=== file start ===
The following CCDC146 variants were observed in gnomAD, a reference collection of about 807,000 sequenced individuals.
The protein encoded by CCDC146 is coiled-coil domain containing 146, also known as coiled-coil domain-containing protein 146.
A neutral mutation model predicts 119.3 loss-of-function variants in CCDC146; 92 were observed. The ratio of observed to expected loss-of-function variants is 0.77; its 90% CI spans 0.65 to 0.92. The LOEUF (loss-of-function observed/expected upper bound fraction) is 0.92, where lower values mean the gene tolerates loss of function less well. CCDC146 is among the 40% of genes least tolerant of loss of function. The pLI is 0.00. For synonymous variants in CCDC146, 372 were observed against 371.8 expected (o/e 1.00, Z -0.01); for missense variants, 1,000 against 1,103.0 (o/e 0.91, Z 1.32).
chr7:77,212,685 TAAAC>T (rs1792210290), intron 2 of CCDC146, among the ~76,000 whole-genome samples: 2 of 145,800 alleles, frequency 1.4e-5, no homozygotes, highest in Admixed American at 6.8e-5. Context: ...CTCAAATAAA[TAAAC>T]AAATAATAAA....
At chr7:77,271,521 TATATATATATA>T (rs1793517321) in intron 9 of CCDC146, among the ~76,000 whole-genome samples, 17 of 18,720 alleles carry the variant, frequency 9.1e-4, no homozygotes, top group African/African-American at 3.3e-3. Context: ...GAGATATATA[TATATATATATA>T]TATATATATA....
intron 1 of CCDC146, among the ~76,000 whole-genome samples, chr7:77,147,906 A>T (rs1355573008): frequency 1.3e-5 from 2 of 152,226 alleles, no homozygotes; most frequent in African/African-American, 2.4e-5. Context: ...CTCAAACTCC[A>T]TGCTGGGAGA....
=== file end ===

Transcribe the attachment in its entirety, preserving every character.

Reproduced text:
The following CCDC146 variants were observed in gnomAD, a reference collection of about 807,000 sequenced individuals.
The protein encoded by CCDC146 is coiled-coil domain containing 146, also known as coiled-coil domain-containing protein 146.
A neutral mutation model predicts 119.3 loss-of-function variants in CCDC146; 92 were observed. The ratio of observed to expected loss-of-function variants is 0.77; its 90% CI spans 0.65 to 0.92. The LOEUF (loss-of-function observed/expected upper bound fraction) is 0.92, where lower values mean the gene tolerates loss of function less well. CCDC146 is among the 40% of genes least tolerant of loss of function. The pLI is 0.00. For synonymous variants in CCDC146, 372 were observed against 371.8 expected (o/e 1.00, Z -0.01); for missense variants, 1,000 against 1,103.0 (o/e 0.91, Z 1.32).
chr7:77,212,685 TAAAC>T (rs1792210290), intron 2 of CCDC146, among the ~76,000 whole-genome samples: 2 of 145,800 alleles, frequency 1.4e-5, no homozygotes, highest in Admixed American at 6.8e-5. Context: ...CTCAAATAAA[TAAAC>T]AAATAATAAA....
At chr7:77,271,521 TATATATATATA>T (rs1793517321) in intron 9 of CCDC146, among the ~76,000 whole-genome samples, 17 of 18,720 alleles carry the variant, frequency 9.1e-4, no homozygotes, top group African/African-American at 3.3e-3. Context: ...GAGATATATA[TATATATATATA>T]TATATATATA....
intron 1 of CCDC146, among the ~76,000 whole-genome samples, chr7:77,147,906 A>T (rs1355573008): frequency 1.3e-5 from 2 of 152,226 alleles, no homozygotes; most frequent in African/African-American, 2.4e-5. Context: ...CTCAAACTCC[A>T]TGCTGGGAGA....